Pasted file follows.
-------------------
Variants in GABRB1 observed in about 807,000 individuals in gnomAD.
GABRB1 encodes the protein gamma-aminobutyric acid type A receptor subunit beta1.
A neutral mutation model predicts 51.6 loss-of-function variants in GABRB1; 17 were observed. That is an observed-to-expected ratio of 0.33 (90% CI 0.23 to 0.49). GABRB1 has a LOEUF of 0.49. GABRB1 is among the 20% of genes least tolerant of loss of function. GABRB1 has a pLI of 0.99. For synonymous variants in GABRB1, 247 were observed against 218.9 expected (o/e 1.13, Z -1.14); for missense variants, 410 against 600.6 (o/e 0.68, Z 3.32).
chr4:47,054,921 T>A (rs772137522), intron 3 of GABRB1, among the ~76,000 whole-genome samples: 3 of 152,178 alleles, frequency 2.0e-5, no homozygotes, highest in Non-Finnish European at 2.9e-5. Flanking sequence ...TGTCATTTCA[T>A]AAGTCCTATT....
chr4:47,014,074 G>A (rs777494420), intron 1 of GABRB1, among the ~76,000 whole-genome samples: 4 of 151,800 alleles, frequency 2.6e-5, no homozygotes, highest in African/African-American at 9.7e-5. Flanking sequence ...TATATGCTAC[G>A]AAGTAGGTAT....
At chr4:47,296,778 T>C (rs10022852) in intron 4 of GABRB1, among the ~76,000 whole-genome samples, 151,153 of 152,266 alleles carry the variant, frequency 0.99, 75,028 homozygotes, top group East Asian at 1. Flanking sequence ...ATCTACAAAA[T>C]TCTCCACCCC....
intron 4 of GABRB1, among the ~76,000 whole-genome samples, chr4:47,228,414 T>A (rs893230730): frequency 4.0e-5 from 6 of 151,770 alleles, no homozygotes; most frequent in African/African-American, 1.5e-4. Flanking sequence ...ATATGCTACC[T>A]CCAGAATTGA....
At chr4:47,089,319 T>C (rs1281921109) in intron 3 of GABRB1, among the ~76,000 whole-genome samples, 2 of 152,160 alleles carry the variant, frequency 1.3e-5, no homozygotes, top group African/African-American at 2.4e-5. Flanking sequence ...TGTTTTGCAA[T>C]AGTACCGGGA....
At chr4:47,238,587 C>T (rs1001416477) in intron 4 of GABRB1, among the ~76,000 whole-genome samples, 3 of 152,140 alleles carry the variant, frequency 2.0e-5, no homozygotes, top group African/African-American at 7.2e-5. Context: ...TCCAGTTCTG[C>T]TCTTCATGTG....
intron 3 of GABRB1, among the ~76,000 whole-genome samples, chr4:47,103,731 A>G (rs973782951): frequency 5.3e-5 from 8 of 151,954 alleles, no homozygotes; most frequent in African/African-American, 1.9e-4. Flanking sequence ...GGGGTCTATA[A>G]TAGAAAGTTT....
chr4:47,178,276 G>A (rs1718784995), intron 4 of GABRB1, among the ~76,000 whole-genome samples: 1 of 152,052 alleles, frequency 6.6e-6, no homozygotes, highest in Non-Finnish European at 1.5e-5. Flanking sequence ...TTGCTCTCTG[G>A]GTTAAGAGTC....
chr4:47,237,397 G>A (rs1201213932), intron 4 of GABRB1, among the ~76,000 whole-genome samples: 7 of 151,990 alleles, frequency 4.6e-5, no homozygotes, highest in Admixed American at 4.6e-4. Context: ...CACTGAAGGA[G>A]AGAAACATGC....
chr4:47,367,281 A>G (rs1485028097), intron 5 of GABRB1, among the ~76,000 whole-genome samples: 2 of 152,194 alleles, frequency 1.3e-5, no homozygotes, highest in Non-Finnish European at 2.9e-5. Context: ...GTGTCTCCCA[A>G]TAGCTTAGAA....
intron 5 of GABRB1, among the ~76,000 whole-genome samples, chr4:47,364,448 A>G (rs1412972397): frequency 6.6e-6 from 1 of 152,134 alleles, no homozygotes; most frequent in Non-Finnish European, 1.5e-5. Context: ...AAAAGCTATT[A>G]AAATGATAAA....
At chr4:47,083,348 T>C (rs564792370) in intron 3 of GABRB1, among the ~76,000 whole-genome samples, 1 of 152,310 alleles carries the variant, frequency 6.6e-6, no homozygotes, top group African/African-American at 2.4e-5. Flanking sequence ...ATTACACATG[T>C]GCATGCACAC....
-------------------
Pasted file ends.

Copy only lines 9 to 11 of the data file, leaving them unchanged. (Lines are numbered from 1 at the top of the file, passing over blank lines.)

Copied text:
At chr4:47,238,587 C>T (rs1001416477) in intron 4 of GABRB1, among the ~76,000 whole-genome samples, 3 of 152,140 alleles carry the variant, frequency 2.0e-5, no homozygotes, top group African/African-American at 7.2e-5. Context: ...TCCAGTTCTG[C>T]TCTTCATGTG....
intron 3 of GABRB1, among the ~76,000 whole-genome samples, chr4:47,103,731 A>G (rs973782951): frequency 5.3e-5 from 8 of 151,954 alleles, no homozygotes; most frequent in African/African-American, 1.9e-4. Flanking sequence ...GGGGTCTATA[A>G]TAGAAAGTTT....
chr4:47,178,276 G>A (rs1718784995), intron 4 of GABRB1, among the ~76,000 whole-genome samples: 1 of 152,052 alleles, frequency 6.6e-6, no homozygotes, highest in Non-Finnish European at 1.5e-5. Flanking sequence ...TTGCTCTCTG[G>A]GTTAAGAGTC....